In an engagement with security troops in south Kashmir, six JeM militants were killed.
Six Jaish-e-Mohammad militants, along with a Pakistani citizen, was killed by security services in two distinct confrontations in Jammu and Kashmir's Anantnag and Kulgam regions.
Mohammad Shafi Dar of Tral (JeM) and Uzair Ahmed of Mirhama, according to a police spokesperson, were the militants murdered in Kulgam. Both were members of the JeM terrorist outfit's C grade of militants.
Security personnel cordoned the region and conducted a search operation on Wednesday night after obtaining intelligence indicating the existence of terrorists in Nowgam Shahabad in Anantnag district, according to a police official.
During the inspections, militants opened fire, prompting a clash between security officers and insurgents. Three militants were killed in the exchange of fire, while a police officer was wounded and sent to the hospital, according to the official.
Sultan, alias Rayees, alias Mavia (a foreign national), Nisar Ahmad Khanday of Dudwangan Kapran, and Altaf Ahmad Shah of Nathipora Dooru were among the militants killed during the encounter. Altaf and Sultan were the one to be involved in the Zewan attack on the police bus.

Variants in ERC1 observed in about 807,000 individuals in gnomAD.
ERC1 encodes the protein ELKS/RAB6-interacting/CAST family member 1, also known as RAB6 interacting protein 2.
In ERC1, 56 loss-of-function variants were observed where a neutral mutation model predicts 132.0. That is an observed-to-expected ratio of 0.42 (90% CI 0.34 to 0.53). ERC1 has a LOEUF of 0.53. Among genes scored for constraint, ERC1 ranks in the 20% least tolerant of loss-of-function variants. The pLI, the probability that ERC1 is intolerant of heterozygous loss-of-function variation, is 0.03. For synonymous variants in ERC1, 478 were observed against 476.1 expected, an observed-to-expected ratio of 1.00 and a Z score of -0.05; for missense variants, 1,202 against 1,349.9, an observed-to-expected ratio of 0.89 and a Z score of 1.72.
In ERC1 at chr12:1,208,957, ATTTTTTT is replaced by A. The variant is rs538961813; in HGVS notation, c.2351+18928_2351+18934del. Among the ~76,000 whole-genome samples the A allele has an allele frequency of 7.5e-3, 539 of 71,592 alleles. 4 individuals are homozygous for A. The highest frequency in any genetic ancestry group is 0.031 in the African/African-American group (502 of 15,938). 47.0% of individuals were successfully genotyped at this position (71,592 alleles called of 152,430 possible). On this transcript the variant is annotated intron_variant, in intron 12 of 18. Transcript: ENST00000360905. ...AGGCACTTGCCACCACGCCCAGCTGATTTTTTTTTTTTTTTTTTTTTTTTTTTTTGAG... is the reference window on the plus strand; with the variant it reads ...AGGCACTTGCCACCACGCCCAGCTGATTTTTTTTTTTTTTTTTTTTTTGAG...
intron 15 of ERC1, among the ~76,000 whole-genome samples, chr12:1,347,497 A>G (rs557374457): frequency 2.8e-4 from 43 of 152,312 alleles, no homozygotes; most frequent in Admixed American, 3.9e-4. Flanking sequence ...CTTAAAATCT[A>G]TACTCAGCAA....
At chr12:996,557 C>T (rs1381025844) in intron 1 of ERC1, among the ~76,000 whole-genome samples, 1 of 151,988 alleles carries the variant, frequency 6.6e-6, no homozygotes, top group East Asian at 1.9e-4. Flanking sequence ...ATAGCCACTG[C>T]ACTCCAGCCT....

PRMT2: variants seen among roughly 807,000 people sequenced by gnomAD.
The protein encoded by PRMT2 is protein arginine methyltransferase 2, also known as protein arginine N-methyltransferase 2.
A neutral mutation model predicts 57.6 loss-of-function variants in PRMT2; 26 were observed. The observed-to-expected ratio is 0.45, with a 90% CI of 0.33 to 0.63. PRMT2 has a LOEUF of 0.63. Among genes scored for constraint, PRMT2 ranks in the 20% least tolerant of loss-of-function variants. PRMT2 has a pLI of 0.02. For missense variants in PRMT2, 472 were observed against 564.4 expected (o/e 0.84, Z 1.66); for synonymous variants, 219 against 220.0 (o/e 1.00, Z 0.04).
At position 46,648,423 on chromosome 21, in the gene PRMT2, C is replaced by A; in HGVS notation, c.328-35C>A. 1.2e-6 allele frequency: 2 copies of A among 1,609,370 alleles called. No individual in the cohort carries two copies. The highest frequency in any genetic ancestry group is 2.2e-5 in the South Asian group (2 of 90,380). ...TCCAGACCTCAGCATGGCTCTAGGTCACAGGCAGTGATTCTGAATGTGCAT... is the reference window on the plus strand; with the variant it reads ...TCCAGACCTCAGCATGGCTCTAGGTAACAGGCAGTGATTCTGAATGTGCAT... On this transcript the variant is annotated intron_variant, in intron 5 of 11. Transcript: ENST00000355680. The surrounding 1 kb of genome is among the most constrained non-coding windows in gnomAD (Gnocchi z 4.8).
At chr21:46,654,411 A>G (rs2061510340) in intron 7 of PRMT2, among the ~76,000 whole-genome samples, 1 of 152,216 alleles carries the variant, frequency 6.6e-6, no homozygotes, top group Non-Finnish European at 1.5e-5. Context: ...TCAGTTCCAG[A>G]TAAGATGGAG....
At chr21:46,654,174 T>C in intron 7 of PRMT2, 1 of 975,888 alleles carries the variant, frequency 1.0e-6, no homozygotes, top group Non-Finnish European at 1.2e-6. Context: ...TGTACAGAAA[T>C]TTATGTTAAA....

Two AK47 and one M4 weapon, as well as ammo, were found from the encounter scene. One Pakistani militant, Shahid Shahzaid, who was named among the top most wanted list of militants in J&K, was also slain in the encounter.
In the past week, military actions against terrorists in south Kashmir have exploded, resulting in gunfights. Five militants were killed in three different gunfights on Sunday in the Shopian, Pulwama, and Anantnag districts of south Kashmir. According to police sources, the increase in gunfights is due to changing weather and snow in the valley's upper reaches.
"At this time of year, there is generally an uptick in shootouts," a senior police official stated. "As the temp decreases and the snow falls in the higher elevations, the rebels forsake their winter bunkers in the woods and retreat to the villages. As a result, more data is acquired and more shootouts occur.
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